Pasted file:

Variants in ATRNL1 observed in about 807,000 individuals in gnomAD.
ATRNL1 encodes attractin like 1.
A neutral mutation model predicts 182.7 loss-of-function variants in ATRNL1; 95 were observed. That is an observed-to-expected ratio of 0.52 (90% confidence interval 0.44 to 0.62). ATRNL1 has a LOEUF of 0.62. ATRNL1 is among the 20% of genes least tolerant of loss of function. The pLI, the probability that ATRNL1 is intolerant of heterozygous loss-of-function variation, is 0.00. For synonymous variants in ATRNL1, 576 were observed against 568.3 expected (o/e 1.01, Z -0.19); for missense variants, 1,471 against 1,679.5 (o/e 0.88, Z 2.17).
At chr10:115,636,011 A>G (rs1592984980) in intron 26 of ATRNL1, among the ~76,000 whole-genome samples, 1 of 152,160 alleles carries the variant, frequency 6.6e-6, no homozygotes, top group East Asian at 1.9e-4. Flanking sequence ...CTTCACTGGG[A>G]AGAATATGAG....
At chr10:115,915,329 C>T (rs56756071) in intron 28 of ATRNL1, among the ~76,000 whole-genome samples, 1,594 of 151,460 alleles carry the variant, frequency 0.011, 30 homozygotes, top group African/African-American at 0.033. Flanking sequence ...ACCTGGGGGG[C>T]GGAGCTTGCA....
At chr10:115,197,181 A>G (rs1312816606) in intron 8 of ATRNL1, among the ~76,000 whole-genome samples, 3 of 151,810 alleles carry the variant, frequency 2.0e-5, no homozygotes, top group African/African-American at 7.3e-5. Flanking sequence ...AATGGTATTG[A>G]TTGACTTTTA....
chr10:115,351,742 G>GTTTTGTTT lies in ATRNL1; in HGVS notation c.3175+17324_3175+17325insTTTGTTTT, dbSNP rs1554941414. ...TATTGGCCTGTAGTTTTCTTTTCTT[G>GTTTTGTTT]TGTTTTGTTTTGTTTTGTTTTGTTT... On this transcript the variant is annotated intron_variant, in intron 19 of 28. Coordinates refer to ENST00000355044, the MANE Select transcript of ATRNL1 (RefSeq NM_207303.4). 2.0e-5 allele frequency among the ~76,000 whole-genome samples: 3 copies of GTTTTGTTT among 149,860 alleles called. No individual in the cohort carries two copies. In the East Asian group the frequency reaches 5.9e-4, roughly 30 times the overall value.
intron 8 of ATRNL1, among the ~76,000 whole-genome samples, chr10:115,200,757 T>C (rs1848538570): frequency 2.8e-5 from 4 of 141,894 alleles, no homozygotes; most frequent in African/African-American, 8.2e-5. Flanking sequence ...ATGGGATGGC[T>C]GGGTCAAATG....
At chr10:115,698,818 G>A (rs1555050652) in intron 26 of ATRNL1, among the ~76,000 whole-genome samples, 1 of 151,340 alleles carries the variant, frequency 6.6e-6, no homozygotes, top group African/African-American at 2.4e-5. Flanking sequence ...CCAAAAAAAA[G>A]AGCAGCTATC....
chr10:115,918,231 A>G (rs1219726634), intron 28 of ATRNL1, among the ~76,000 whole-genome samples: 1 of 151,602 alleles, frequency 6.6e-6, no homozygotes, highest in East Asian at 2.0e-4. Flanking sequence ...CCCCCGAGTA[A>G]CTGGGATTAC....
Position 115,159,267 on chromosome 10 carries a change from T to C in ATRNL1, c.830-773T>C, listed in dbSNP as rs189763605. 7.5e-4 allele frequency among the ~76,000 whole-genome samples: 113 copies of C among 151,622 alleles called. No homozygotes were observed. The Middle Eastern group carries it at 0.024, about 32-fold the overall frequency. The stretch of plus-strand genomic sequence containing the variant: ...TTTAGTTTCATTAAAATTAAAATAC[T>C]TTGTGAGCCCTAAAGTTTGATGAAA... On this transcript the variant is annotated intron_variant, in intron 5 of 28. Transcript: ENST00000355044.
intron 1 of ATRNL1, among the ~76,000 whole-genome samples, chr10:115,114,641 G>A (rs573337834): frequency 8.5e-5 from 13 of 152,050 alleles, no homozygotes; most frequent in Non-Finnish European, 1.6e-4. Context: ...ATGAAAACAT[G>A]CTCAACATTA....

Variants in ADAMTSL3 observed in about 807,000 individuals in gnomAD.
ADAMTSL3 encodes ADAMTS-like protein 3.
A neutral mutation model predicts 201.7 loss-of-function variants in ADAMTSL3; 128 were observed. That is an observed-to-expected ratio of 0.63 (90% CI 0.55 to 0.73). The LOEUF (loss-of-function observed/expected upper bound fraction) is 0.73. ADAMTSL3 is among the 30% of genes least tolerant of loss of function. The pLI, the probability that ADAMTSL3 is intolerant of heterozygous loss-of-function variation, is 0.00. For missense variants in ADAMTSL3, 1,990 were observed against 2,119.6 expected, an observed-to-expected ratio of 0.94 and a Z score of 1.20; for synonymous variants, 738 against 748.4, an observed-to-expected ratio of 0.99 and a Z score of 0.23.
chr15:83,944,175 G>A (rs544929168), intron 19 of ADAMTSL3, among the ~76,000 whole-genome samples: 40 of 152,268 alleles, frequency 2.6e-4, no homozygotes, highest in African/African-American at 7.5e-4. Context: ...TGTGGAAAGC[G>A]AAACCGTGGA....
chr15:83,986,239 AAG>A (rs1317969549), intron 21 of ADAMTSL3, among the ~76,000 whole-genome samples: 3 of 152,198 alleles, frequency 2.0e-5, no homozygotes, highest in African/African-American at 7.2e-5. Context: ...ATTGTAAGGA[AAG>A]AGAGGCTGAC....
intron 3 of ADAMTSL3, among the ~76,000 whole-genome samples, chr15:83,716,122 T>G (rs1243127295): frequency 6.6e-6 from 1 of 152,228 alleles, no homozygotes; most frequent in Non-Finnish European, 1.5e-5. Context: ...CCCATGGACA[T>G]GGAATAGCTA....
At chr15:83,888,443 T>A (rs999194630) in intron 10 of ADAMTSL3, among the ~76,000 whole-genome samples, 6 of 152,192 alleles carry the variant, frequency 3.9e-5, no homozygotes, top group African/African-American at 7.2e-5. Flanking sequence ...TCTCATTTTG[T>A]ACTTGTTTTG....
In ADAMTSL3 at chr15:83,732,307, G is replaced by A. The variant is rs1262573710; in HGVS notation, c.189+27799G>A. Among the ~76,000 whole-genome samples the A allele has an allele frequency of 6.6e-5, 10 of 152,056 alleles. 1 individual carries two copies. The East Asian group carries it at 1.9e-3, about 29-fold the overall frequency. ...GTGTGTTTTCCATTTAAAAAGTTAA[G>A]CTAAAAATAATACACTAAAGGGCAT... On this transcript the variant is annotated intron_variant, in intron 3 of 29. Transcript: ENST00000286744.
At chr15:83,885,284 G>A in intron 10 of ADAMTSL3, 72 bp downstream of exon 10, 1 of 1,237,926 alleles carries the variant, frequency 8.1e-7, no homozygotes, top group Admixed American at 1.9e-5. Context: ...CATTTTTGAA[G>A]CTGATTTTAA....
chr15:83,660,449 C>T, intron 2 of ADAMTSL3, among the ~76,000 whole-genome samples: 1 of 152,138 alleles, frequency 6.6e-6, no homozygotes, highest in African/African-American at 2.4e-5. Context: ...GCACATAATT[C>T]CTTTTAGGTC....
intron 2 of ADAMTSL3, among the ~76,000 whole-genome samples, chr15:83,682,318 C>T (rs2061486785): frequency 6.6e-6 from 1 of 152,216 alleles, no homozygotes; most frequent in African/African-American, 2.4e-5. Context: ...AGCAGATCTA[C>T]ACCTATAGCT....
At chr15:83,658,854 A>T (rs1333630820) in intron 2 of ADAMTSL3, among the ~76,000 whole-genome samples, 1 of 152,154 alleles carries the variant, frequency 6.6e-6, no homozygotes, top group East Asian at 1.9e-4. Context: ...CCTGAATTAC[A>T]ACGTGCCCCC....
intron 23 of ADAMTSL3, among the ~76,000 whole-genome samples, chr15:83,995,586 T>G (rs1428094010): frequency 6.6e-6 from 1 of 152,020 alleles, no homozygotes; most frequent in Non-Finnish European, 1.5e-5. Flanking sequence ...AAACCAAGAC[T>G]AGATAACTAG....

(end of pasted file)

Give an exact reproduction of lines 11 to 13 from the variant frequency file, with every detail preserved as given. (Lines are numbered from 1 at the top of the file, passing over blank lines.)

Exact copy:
Position 115,159,267 on chromosome 10 carries a change from T to C in ATRNL1, c.830-773T>C, listed in dbSNP as rs189763605. 7.5e-4 allele frequency among the ~76,000 whole-genome samples: 113 copies of C among 151,622 alleles called. No homozygotes were observed. The Middle Eastern group carries it at 0.024, about 32-fold the overall frequency. The stretch of plus-strand genomic sequence containing the variant: ...TTTAGTTTCATTAAAATTAAAATAC[T>C]TTGTGAGCCCTAAAGTTTGATGAAA... On this transcript the variant is annotated intron_variant, in intron 5 of 28. Transcript: ENST00000355044.
intron 1 of ATRNL1, among the ~76,000 whole-genome samples, chr10:115,114,641 G>A (rs573337834): frequency 8.5e-5 from 13 of 152,050 alleles, no homozygotes; most frequent in Non-Finnish European, 1.6e-4. Context: ...ATGAAAACAT[G>A]CTCAACATTA....

Variants in ADAMTSL3 observed in about 807,000 individuals in gnomAD.